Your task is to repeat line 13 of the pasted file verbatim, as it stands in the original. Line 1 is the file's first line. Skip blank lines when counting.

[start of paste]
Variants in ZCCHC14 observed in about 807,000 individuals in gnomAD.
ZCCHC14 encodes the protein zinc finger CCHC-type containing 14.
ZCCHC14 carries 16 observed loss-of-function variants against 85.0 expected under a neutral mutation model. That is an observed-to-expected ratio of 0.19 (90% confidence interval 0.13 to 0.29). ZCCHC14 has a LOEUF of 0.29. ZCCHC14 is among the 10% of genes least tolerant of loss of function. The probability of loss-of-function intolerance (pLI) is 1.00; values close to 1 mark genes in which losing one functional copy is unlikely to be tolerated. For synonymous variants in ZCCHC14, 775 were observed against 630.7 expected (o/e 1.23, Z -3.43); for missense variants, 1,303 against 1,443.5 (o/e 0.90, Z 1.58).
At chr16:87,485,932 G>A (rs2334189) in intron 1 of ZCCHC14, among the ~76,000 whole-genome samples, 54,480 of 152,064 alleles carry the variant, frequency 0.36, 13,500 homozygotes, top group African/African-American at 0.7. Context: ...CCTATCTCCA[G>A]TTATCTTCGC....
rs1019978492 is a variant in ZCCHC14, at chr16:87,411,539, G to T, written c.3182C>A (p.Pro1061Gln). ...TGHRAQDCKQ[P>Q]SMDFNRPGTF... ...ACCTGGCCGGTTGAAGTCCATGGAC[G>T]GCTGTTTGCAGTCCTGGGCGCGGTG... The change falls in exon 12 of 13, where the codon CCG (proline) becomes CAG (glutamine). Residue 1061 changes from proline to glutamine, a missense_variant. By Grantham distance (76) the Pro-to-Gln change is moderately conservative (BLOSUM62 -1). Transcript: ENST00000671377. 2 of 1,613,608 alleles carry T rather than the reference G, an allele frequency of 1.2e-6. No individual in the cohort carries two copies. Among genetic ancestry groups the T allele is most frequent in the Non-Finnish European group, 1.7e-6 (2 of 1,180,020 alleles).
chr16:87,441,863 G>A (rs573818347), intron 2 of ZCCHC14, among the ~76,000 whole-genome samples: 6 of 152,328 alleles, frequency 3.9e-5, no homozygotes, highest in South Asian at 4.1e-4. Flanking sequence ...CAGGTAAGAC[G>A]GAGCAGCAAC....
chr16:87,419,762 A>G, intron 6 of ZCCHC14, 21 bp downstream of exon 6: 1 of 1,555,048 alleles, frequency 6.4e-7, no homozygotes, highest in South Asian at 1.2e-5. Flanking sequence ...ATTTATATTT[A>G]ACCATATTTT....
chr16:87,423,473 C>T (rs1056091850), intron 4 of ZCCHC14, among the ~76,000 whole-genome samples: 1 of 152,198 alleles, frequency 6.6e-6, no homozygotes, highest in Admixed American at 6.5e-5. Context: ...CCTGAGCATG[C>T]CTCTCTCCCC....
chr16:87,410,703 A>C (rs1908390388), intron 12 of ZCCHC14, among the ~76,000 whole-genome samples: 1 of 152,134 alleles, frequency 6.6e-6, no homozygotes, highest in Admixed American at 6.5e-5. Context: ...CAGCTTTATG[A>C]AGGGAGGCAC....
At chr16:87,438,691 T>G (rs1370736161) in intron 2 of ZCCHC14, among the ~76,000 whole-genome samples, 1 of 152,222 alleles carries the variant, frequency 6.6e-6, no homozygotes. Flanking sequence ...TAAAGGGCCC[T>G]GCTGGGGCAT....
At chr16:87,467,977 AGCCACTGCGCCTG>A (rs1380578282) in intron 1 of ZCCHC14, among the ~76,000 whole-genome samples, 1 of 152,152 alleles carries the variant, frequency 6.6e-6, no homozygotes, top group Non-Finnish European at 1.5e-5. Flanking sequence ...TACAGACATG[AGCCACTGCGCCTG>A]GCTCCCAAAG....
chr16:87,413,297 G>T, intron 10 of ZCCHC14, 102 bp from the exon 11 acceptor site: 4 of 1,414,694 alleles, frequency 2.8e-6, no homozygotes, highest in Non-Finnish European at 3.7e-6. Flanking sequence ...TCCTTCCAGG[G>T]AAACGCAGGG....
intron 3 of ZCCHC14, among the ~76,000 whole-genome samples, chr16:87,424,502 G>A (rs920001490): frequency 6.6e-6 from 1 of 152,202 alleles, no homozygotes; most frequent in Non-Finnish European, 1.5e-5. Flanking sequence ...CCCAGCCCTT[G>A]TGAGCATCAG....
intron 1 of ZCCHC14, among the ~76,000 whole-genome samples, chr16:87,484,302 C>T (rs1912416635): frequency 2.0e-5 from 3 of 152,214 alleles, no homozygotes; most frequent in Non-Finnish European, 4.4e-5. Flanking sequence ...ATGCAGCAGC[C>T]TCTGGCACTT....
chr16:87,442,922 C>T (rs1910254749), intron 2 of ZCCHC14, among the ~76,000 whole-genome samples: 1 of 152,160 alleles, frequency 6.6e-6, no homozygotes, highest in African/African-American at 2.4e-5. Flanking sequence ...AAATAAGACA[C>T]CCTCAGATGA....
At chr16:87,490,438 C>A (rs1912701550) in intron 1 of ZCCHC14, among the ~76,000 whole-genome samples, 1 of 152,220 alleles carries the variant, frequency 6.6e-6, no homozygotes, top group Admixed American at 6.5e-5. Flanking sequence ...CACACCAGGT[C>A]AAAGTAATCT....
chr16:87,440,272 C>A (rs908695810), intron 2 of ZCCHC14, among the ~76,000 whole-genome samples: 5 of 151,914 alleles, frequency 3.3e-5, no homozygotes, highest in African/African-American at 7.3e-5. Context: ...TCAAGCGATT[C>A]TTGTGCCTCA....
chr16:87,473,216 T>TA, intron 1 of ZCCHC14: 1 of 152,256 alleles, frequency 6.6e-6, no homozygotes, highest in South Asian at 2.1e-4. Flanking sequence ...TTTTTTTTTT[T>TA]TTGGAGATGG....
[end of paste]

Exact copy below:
intron 3 of ZCCHC14, among the ~76,000 whole-genome samples, chr16:87,424,502 G>A (rs920001490): frequency 6.6e-6 from 1 of 152,202 alleles, no homozygotes; most frequent in Non-Finnish European, 1.5e-5. Flanking sequence ...CCCAGCCCTT[G>A]TGAGCATCAG....